NAVIGATION

July 23, 2016

Florida Banks

Snapshots from the Vault

The new shape of the Florida banking industry is emerging. All sectors aren't being created equal.

Mike Vogel | 10/10/2011

Notes and Trends


» The Fallen. Fifty-five banks have failed in Florida since the meltdown began in mid-2008. Florida led the nation last year in bank failures and in the total number of problem banks and banks facing regulatory enforcement actions. This year, its only rival for this dubious distinction is Georgia.

» The Lag. Florida banks in the second quarter had their best aggregate profit since December 2007. Small banks, with less than $100 million in assets, continued to lose money overall. The tiny aggregate profit posted in the early part of the year by Florida banks would have been a loss if the banks had set aside reserves against problem loans as conservatively as banks nationally do, says Miami independent bank consultant and economist Ken Thomas. Florida remains a real estate state, and its banks will flourish when the real estate business gets healthy again, he says. "We go in cycles. As goes the Florida real estate market, so goes the banking market — with a lag. We will come back. The smart money realizes that," Thomas says.

» The Rules. Tougher regulators and tougher regulatory requirements impact lending, says banking attorney Bowman Brown of Shutts & Bowen in Miami. "What's happened in bank regulation from a macro standpoint has been anti-stimulus. If the banks aren't healthy and in an expansionist mode, I don't think the economy is going to be healthy and in an expansionist mode," Brown says. Still to come is implementation of the Dodd-Frank legislation, which, Brown says, imposes a "terrifically punitive regulatory burden."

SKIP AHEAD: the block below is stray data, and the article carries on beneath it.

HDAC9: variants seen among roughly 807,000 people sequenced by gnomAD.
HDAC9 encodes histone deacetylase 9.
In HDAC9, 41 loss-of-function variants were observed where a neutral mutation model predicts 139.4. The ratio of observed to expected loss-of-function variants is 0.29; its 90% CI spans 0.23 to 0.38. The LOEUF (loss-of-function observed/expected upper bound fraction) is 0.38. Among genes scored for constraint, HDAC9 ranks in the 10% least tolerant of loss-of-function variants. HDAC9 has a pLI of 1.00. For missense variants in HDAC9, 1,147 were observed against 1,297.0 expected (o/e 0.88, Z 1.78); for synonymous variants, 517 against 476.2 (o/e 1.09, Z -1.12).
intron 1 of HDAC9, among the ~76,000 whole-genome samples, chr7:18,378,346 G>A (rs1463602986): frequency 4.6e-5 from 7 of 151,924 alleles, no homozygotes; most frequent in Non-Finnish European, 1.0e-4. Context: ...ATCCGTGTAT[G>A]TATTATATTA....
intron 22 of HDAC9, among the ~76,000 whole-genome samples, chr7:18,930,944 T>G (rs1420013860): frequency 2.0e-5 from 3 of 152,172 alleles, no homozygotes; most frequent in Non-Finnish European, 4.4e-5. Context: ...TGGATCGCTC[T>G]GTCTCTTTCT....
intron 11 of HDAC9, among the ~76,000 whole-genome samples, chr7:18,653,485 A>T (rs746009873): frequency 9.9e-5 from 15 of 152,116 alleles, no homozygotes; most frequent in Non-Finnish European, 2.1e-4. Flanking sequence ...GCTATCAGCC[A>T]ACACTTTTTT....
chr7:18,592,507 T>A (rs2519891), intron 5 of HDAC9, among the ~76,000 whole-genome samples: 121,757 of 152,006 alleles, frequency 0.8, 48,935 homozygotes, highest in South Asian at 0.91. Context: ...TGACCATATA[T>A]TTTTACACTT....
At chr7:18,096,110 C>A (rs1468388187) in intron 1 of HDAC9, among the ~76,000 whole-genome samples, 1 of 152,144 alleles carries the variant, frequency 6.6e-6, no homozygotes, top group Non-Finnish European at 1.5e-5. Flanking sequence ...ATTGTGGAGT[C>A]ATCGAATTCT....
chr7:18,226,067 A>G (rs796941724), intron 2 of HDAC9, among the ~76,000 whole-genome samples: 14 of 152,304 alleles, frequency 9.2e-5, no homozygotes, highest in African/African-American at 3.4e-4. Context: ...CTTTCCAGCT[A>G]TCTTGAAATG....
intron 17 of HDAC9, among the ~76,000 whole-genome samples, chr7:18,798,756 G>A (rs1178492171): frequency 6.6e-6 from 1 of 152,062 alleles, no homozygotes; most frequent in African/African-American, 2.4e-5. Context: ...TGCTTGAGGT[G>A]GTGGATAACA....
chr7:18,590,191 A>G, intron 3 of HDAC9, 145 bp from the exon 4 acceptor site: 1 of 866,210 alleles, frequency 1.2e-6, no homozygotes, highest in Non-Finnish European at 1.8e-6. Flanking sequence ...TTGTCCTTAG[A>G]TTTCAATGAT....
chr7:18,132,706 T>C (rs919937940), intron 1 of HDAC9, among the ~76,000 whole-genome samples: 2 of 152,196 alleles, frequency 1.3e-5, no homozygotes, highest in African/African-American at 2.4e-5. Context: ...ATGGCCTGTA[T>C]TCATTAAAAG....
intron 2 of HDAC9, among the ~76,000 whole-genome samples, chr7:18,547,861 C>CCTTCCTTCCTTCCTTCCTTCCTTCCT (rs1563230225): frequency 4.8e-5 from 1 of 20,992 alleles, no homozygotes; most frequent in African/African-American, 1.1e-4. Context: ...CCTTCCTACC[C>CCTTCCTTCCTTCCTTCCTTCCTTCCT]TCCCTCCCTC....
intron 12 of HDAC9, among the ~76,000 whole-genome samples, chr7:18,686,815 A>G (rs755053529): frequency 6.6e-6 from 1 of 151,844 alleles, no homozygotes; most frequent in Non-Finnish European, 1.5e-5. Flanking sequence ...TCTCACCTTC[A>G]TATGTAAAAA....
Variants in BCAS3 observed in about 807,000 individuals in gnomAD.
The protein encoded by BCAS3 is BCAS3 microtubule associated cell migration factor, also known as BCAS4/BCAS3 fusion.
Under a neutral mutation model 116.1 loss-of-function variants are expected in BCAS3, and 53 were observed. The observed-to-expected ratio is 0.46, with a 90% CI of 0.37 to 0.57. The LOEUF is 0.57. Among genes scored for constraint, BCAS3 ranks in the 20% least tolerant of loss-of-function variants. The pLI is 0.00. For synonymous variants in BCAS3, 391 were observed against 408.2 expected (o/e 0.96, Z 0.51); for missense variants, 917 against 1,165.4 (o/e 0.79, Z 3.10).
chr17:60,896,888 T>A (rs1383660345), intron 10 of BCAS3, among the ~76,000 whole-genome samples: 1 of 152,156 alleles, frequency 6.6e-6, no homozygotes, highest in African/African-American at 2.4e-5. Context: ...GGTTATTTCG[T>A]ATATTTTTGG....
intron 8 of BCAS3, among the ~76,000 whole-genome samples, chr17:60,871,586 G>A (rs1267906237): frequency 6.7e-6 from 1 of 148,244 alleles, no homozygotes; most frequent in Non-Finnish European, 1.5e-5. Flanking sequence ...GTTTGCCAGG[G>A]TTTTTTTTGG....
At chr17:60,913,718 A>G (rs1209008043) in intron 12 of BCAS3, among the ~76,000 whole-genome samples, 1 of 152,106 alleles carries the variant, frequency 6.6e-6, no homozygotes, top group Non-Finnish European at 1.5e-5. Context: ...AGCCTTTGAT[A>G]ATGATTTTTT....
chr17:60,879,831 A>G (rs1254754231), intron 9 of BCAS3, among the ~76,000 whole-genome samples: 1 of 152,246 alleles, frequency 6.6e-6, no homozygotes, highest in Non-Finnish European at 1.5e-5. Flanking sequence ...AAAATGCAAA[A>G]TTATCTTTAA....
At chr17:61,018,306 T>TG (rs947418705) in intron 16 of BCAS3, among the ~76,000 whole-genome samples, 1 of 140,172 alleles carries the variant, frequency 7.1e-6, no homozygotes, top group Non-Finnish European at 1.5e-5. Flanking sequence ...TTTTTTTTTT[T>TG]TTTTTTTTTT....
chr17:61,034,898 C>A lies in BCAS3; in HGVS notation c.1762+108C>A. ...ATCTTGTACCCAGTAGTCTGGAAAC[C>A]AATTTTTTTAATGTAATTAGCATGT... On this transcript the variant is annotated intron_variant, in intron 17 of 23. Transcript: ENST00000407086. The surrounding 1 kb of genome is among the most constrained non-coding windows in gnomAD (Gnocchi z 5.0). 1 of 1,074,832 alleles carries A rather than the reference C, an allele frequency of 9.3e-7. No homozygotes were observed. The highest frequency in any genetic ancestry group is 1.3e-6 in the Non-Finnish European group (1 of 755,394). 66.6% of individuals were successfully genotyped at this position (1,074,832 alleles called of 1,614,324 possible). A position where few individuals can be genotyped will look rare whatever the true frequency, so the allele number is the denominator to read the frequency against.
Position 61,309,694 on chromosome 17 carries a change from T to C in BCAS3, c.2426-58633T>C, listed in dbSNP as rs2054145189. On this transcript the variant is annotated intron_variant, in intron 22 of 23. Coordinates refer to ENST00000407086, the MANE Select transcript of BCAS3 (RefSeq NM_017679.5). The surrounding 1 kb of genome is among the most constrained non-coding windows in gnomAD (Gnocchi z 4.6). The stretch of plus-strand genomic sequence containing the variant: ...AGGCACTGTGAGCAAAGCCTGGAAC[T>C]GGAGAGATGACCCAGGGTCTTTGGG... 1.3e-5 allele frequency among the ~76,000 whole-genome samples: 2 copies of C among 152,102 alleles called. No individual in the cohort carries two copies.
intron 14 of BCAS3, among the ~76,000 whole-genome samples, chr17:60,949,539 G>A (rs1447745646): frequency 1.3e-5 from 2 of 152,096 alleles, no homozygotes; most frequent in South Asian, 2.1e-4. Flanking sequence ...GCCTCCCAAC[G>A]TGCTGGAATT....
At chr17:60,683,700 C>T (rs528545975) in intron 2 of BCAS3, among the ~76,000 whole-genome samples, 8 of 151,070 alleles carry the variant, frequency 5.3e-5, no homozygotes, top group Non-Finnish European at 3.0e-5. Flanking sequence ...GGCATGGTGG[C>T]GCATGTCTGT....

» The Turnaround. Good news: Banking fortunes mirror the economy, and bankers uniformly report economic activity is slowly picking up. "We're seeing strong growth in our businesses," says Shelley Freeman, Wells Fargo regional president of Florida community banking.

» The Evolution. In short, expect more banks to fail. Expect the large to get larger. Expect consolidation. Florida had 286 institutions in 2009. Now, it has fewer than 240. "The industry will continue to evolve," says Mike Fields, Bank of America's Florida president. "The industry I started in, in 1967, and the industry today, you could not have imagined. In the next decade the changes will be equally dramatic. It's incumbent on all of us to evolve and look to the future."

Tags: Banking & Finance

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